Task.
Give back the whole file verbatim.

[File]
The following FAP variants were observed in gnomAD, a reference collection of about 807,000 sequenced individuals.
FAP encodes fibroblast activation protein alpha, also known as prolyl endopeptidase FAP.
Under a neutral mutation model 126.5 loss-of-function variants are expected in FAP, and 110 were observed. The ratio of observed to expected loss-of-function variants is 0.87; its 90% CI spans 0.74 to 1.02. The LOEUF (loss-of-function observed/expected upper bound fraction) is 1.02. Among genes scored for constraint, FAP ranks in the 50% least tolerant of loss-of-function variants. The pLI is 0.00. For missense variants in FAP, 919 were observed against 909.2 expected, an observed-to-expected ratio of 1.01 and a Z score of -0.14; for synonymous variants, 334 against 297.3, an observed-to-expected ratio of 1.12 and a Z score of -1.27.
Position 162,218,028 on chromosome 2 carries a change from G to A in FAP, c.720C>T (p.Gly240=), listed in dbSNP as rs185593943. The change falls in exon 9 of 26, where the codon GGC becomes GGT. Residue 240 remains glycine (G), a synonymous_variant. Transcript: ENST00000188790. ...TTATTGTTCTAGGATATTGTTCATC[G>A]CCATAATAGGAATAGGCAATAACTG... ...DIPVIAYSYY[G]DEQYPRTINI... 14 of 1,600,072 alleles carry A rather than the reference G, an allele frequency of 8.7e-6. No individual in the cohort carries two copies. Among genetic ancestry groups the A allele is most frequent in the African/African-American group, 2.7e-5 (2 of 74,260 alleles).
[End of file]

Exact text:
The following FAP variants were observed in gnomAD, a reference collection of about 807,000 sequenced individuals.
FAP encodes fibroblast activation protein alpha, also known as prolyl endopeptidase FAP.
Under a neutral mutation model 126.5 loss-of-function variants are expected in FAP, and 110 were observed. The ratio of observed to expected loss-of-function variants is 0.87; its 90% CI spans 0.74 to 1.02. The LOEUF (loss-of-function observed/expected upper bound fraction) is 1.02. Among genes scored for constraint, FAP ranks in the 50% least tolerant of loss-of-function variants. The pLI is 0.00. For missense variants in FAP, 919 were observed against 909.2 expected, an observed-to-expected ratio of 1.01 and a Z score of -0.14; for synonymous variants, 334 against 297.3, an observed-to-expected ratio of 1.12 and a Z score of -1.27.
Position 162,218,028 on chromosome 2 carries a change from G to A in FAP, c.720C>T (p.Gly240=), listed in dbSNP as rs185593943. The change falls in exon 9 of 26, where the codon GGC becomes GGT. Residue 240 remains glycine (G), a synonymous_variant. Transcript: ENST00000188790. ...TTATTGTTCTAGGATATTGTTCATC[G>A]CCATAATAGGAATAGGCAATAACTG... ...DIPVIAYSYY[G]DEQYPRTINI... 14 of 1,600,072 alleles carry A rather than the reference G, an allele frequency of 8.7e-6. No individual in the cohort carries two copies. Among genetic ancestry groups the A allele is most frequent in the African/African-American group, 2.7e-5 (2 of 74,260 alleles).